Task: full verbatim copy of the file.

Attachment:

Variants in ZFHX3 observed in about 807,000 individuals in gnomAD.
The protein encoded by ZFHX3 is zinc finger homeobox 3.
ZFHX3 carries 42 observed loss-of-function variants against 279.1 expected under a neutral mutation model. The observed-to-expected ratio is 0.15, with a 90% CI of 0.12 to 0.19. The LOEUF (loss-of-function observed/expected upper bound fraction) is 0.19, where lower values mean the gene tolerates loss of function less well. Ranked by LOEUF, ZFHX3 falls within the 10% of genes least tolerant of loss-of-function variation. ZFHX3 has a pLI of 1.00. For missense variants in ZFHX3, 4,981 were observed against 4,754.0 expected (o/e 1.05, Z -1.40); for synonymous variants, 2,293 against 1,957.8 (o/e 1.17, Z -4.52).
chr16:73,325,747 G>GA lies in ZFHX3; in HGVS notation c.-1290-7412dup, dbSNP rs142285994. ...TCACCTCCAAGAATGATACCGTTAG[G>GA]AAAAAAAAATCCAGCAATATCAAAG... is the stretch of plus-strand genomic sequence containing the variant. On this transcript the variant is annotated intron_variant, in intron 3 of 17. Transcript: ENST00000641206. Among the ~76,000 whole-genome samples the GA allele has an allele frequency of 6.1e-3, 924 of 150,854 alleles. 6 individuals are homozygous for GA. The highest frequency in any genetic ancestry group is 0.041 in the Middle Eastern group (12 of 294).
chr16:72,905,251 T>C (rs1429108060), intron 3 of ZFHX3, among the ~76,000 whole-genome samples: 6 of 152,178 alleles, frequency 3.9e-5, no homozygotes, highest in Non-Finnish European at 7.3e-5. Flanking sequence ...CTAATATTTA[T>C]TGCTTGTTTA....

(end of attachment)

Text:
Variants in ZFHX3 observed in about 807,000 individuals in gnomAD.
The protein encoded by ZFHX3 is zinc finger homeobox 3.
ZFHX3 carries 42 observed loss-of-function variants against 279.1 expected under a neutral mutation model. The observed-to-expected ratio is 0.15, with a 90% CI of 0.12 to 0.19. The LOEUF (loss-of-function observed/expected upper bound fraction) is 0.19, where lower values mean the gene tolerates loss of function less well. Ranked by LOEUF, ZFHX3 falls within the 10% of genes least tolerant of loss-of-function variation. ZFHX3 has a pLI of 1.00. For missense variants in ZFHX3, 4,981 were observed against 4,754.0 expected (o/e 1.05, Z -1.40); for synonymous variants, 2,293 against 1,957.8 (o/e 1.17, Z -4.52).
chr16:73,325,747 G>GA lies in ZFHX3; in HGVS notation c.-1290-7412dup, dbSNP rs142285994. ...TCACCTCCAAGAATGATACCGTTAG[G>GA]AAAAAAAAATCCAGCAATATCAAAG... is the stretch of plus-strand genomic sequence containing the variant. On this transcript the variant is annotated intron_variant, in intron 3 of 17. Transcript: ENST00000641206. Among the ~76,000 whole-genome samples the GA allele has an allele frequency of 6.1e-3, 924 of 150,854 alleles. 6 individuals are homozygous for GA. The highest frequency in any genetic ancestry group is 0.041 in the Middle Eastern group (12 of 294).
chr16:72,905,251 T>C (rs1429108060), intron 3 of ZFHX3, among the ~76,000 whole-genome samples: 6 of 152,178 alleles, frequency 3.9e-5, no homozygotes, highest in Non-Finnish European at 7.3e-5. Flanking sequence ...CTAATATTTA[T>C]TGCTTGTTTA....